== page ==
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Azimuth moveout in the time-and-space domain is a three-dimensional
integral operator Fomel and Biondi (1995a). Change (substitution) of the
integrable variables as a method of integral simplification is well
known in classic calculus. In the case of AMO, a convenient choice of
the parameters of integration is of particular value because of the
complicated shape of the operator aperture.
**amox12
**

Figure 1 Schematic geometry
of AMO and the transformed coordinate system.

In order to simplify the form of the AMO operator, thus reducing the
cost of its computation, we propose the following substitution of
variables. Let be the input offset azimuth, and be the output offset azimuth with respect to the midpoint coordinate
system. Draw one axis (*y*_{1}) perpendicular to the direction of
, and the other axis (*y*_{2}) perpendicular to
. This defines a non-orthogonal coordinate system on the
midpoint plane (Figure 1). The transformation of variables,
written in the matrix form, is

| |
(1) |

where *x* and *y* are the Cartesian coordinates of a midpoint in the
original coordinate system. The Jacobian of transformation
(1) is simply
, where is the angle of
azimuth rotation. Assuming that is greater than zero,
transformation (1) defines a spatially invariant
rotational squeezing of the midpoint space. The special case of
equal to zero corresponds to the two-dimensional version of
AMO, known as offset continuation
Bolondi et al. (1982); Chemingui and Biondi (1994); Fomel (1995), which can be
handled separately.
**amotta
**

Figure 2
Traveltime and amplitude of the AMO impulse response in the
transformed coordinate system.

The expression for the traveltime of the AMO impulse response (formula (4)
in Biondi and Chemingui (1994a)) transforms to

| |
(2) |

where is the midpoint separation in the
transformed coordinate system. In the notation of Biondi and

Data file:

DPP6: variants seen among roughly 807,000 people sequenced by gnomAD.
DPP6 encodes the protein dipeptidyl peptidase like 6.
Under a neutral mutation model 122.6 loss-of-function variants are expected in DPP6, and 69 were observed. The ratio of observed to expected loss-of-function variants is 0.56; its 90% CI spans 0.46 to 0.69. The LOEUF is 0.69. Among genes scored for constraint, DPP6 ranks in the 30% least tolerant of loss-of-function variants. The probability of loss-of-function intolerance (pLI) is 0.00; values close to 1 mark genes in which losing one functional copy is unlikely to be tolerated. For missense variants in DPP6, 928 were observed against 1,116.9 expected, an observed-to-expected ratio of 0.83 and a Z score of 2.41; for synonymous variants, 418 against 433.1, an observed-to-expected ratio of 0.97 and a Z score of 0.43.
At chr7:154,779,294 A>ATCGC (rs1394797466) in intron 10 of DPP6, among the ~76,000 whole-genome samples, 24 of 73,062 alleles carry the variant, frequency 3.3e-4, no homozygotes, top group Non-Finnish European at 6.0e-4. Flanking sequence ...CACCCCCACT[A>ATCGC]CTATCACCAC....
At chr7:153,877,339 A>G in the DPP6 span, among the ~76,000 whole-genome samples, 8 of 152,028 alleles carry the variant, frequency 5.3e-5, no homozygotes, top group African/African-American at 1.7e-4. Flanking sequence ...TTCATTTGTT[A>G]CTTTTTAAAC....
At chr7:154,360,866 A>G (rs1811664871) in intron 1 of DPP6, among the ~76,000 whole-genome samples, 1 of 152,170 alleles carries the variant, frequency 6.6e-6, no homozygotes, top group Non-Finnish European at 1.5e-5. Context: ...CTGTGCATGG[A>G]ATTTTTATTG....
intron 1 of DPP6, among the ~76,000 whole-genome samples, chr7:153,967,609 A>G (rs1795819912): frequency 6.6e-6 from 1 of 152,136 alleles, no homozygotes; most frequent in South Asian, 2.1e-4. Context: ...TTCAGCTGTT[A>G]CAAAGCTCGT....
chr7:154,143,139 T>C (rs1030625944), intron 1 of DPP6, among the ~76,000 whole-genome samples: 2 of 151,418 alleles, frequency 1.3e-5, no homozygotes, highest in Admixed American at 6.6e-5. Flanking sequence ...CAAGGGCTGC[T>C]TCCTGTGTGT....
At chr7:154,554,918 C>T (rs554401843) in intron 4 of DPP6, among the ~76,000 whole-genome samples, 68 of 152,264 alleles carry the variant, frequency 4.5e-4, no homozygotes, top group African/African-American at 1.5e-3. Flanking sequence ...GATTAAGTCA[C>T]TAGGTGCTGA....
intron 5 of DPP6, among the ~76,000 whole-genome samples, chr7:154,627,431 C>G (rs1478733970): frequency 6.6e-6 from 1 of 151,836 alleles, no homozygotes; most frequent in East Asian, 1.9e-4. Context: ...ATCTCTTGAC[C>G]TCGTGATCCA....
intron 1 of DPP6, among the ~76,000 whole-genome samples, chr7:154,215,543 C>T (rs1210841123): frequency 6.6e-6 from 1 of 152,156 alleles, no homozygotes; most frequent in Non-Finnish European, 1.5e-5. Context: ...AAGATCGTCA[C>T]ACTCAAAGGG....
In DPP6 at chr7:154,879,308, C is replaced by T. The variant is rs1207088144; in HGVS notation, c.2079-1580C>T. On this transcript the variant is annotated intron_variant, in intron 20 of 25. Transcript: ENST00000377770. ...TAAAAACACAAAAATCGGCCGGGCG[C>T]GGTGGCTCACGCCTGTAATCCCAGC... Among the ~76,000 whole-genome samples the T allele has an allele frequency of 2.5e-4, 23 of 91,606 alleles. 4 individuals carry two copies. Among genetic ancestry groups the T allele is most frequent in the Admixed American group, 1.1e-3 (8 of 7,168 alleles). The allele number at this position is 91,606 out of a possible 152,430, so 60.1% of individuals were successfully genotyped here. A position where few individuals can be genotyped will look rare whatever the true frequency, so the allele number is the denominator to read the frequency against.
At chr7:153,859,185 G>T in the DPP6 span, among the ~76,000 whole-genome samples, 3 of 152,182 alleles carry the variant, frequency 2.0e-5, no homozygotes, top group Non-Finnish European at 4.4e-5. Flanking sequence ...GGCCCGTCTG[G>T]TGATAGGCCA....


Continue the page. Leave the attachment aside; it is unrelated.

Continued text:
Chemingui, *y*_{1} corresponds to , and
*y*_{2} corresponds to . One can see
that the axes of the transformed coordinate system are now aligned
along the axes of the AMO "saddle". The amplitude equations
Chemingui and Biondi (1995); Fomel and Biondi (1995a) are also simplified (Figure
2). What is more important, the transformation
(1) affects the shape of the AMO aperture.
The aperture limitation (21) from Fomel and Biondi (1995a) transforms after some
heavy algebra to

| |
(3) |

where
| |
(4) |

and
| |
(5) |

The largest possible aperture corresponds to the zero input time (or
zero velocity) and coincides with the interior of a rectangle centered
at with the sides of the rectangle
equal to and . With the time increase, the aperture gradually
decreases in size, and its shape approaches a quasi-elliptical form
(Figure 3).

**amoapp
**

Figure 3 AMO aperture in the
transformed coordinate system as a
function of the input time. The different plots correspond to
different geometries of AMO. From top
to bottom: the angle of azimuth rotation changes from 10 degrees
(top) to 30 degrees (middle) and 60 degrees (bottom). From left to
right: the ratio of offsets changes
from 1/2 (left) to 1 (middle) and 2 (right).

From the computational point of view, it is convenient to evaluate the
right-hand side of inequality (3) outside of the input time
loop and use this inequality to limit the range of times for each
point of the operator.

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** Up:** Fomel & Biondi: Azimuth
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Stanford Exploration Project

11/12/1997